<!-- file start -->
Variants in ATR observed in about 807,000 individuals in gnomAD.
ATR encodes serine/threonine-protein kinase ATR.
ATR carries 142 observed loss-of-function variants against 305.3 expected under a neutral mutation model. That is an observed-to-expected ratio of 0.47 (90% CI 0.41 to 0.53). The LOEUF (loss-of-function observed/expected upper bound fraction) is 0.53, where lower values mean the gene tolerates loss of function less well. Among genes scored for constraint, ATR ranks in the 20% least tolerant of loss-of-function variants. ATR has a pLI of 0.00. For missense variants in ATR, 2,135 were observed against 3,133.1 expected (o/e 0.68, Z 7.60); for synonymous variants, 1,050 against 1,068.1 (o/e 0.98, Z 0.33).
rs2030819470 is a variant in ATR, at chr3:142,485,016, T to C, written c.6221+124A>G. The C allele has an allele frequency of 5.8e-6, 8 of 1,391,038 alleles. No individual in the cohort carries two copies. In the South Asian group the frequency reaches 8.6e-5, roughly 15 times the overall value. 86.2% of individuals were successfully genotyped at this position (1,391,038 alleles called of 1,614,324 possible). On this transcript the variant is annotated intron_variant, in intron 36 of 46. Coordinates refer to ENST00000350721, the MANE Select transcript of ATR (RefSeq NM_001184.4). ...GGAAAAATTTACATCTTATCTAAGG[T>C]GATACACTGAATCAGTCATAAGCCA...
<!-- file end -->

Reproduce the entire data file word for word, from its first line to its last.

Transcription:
Variants in ATR observed in about 807,000 individuals in gnomAD.
ATR encodes serine/threonine-protein kinase ATR.
ATR carries 142 observed loss-of-function variants against 305.3 expected under a neutral mutation model. That is an observed-to-expected ratio of 0.47 (90% CI 0.41 to 0.53). The LOEUF (loss-of-function observed/expected upper bound fraction) is 0.53, where lower values mean the gene tolerates loss of function less well. Among genes scored for constraint, ATR ranks in the 20% least tolerant of loss-of-function variants. ATR has a pLI of 0.00. For missense variants in ATR, 2,135 were observed against 3,133.1 expected (o/e 0.68, Z 7.60); for synonymous variants, 1,050 against 1,068.1 (o/e 0.98, Z 0.33).
rs2030819470 is a variant in ATR, at chr3:142,485,016, T to C, written c.6221+124A>G. The C allele has an allele frequency of 5.8e-6, 8 of 1,391,038 alleles. No individual in the cohort carries two copies. In the South Asian group the frequency reaches 8.6e-5, roughly 15 times the overall value. 86.2% of individuals were successfully genotyped at this position (1,391,038 alleles called of 1,614,324 possible). On this transcript the variant is annotated intron_variant, in intron 36 of 46. Coordinates refer to ENST00000350721, the MANE Select transcript of ATR (RefSeq NM_001184.4). ...GGAAAAATTTACATCTTATCTAAGG[T>C]GATACACTGAATCAGTCATAAGCCA...